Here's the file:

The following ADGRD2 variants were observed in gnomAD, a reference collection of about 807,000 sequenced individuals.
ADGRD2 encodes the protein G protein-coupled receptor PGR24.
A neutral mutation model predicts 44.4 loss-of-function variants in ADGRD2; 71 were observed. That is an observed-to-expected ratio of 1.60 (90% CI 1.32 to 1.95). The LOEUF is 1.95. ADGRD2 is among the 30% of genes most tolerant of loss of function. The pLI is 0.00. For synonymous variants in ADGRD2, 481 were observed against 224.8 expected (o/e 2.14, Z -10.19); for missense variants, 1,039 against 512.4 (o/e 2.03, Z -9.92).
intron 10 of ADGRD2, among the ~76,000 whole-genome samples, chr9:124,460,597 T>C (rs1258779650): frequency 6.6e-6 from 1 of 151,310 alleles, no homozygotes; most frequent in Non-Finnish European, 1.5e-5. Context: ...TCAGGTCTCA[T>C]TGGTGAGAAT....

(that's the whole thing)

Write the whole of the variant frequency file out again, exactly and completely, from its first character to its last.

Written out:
The following ADGRD2 variants were observed in gnomAD, a reference collection of about 807,000 sequenced individuals.
ADGRD2 encodes the protein G protein-coupled receptor PGR24.
A neutral mutation model predicts 44.4 loss-of-function variants in ADGRD2; 71 were observed. That is an observed-to-expected ratio of 1.60 (90% CI 1.32 to 1.95). The LOEUF is 1.95. ADGRD2 is among the 30% of genes most tolerant of loss of function. The pLI is 0.00. For synonymous variants in ADGRD2, 481 were observed against 224.8 expected (o/e 2.14, Z -10.19); for missense variants, 1,039 against 512.4 (o/e 2.03, Z -9.92).
intron 10 of ADGRD2, among the ~76,000 whole-genome samples, chr9:124,460,597 T>C (rs1258779650): frequency 6.6e-6 from 1 of 151,310 alleles, no homozygotes; most frequent in Non-Finnish European, 1.5e-5. Context: ...TCAGGTCTCA[T>C]TGGTGAGAAT....